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Lancet Digital Health, | Volume 5, ISSUE 7, e458-e466, July 2023. Published:May 18, 2023 DOI:

A deep learning framework for personalised dynamic diagnosis of graft fibrosis after liver transplantation: a retrospective, single Canadian centre, longitudinal study

Azhie A, Sharma D, Sheth P, Qazi-Arisar F, Zaya R, Naghibzadeh M, Duan K, Fischer S, Patel K, Tsien C, Selzner N, Lilly L, Jaeckel E, Xu W, Bhat M.

Recurrent graft fibrosis after liver transplantation can threaten both graft and patient survival. Therefore, early detection of fibrosis is essential to avoid disease progression and the need for retransplantation. Non-invasive blood-based biomarkers of fibrosis are limited by moderate accuracy and high cost. We aimed to evaluate the accuracy of machine learning algorithms in detecting graft fibrosis using longitudinal clinical and laboratory data.

In this retrospective, longitudinal study, we trained machine learning algorithms, including our novel weighted long short-term memory (LSTM) model, to predict the risk of significant fibrosis using follow-up data from 1893 adults who had a liver transplantation between Feb 1, 1987, and Dec 30, 2019, with at least one liver biopsy post transplantation. Liver biopsy samples with indefinitive fibrosis stage and those from patients with multiple transplantations were excluded. Longitudinal clinical variables were collected from transplantation to the date of last available liver biopsy. Deep learning models were trained on 70% of the patients as the training set and 30% of the patients as the test set. The algorithms were also separately tested on longitudinal data from patients in a subgroup of patients (n=149) who had transient elastography within 1 year before or after the date of liver biopsy. Weighted LSTM model performance for diagnosing significant fibrosis was compared against LSTM, other deep learning models (recurrent neural network and temporal convolutional network), and machine learning models (Random Forest, Support vector machines, Logistic regression, Lasso regression, and Ridge regression) and aspartate aminotransferase-to-platelet ratio index (APRI), fibrosis-4 index (FIB-4), and transient elastography.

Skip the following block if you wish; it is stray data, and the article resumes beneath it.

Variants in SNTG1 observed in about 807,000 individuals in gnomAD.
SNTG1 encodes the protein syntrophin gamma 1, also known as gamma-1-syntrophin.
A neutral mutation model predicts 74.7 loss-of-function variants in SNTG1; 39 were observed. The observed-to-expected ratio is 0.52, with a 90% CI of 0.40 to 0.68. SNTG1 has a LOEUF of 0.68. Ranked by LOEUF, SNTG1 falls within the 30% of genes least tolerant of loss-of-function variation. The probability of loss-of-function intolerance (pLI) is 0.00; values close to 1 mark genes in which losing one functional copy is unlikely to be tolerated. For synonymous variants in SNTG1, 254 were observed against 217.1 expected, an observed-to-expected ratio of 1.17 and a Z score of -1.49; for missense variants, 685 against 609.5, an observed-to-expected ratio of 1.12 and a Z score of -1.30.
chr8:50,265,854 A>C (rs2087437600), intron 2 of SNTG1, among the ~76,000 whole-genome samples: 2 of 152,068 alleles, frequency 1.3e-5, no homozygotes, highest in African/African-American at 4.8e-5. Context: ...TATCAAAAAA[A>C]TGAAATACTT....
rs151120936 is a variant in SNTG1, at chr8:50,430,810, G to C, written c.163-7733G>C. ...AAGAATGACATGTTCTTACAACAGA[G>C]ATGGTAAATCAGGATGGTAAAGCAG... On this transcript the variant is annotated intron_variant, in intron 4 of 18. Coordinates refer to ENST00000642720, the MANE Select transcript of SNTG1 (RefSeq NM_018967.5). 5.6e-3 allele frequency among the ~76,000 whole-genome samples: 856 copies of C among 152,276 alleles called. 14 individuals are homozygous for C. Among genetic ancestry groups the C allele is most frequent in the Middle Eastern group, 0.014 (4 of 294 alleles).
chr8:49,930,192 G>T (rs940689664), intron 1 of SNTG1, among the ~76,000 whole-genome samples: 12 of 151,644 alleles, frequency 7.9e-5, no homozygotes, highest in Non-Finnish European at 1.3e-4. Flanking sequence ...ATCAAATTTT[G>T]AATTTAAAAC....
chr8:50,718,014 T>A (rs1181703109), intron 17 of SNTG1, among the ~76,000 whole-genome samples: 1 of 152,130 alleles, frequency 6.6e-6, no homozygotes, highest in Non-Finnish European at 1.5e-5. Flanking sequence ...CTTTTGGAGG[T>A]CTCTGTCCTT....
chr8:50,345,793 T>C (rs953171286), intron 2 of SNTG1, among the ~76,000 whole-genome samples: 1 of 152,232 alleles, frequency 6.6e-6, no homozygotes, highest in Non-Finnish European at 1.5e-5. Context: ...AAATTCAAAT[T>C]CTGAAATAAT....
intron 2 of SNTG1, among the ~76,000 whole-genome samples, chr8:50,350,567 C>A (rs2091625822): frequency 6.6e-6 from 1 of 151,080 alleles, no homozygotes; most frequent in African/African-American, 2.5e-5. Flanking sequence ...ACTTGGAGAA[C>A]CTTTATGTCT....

1893 people who had a liver transplantation (1261 [67%] men and 632 [33%] women) with at least one liver biopsy between Jan 1, 1992, and June 30, 2020, were included in the study (591 [31%] cases and 1302 [69%] controls). The median age at liver transplantation was 53·7 years (IQR 47·3–59·0) for cases and 55·3 years (48·0 to 61·2) for controls. The median time interval between transplant and liver biopsy was 21 months (5 to 71). The weighted LSTM model (area under the curve 0·798 [95% CI 0·790 to 0·810]) consistently outperformed other methods, including unweighted LSTM (0·761 [0·750 to 0·769]; p=0·031) Recurrent Neural Network (0·736 [0·721 to 0·744]), Temporal Convolutional Networks (0·700 [0·662 to 0·747], and Random Forest 0·679 [0·652 to 0·707]), FIB-4 (0·650 [0·636 to 0·663]) and APRI (0·682 [0·671 to 0·694]) when diagnosing F2 or worse stage fibrosis. In a subgroup of patients with transient elastography results, weighted LSTM was not significantly better at detecting fibrosis (≥F2; 0·705 [0·687 to 0·724]) than transient elastography (0·685 [0·662 to 0·704]). The top ten variables predictive for significant fibrosis were recipient age, primary indication for transplantation, donor age, and longitudinal data for creatinine, alanine aminotransferase, aspartate aminotransferase, total bilirubin, platelets, white blood cell count, and weight.

Deep learning algorithms, particularly weighted LSTM, outperform other routinely used non-invasive modalities and could help with the earlier diagnosis of graft fibrosis using longitudinal clinical and laboratory variables. The list of most important predictive variables for the development of fibrosis will enable clinicians to modify their management accordingly to prevent onset of graft cirrhosis.

Canadian Institute of Health Research, American Society of Transplantation, Toronto General and Western Hospital Foundation, and Paladin Labs.

Journal of Hepatology. 2023;78(6):119-136 DOI: 10.1016/j.jhep.2023.01.006.

Artificial intelligence, machine learning, and deep learning in liver transplantation

Bhat M, Rabindranath M, Sordi Chara B, Simonetto DA.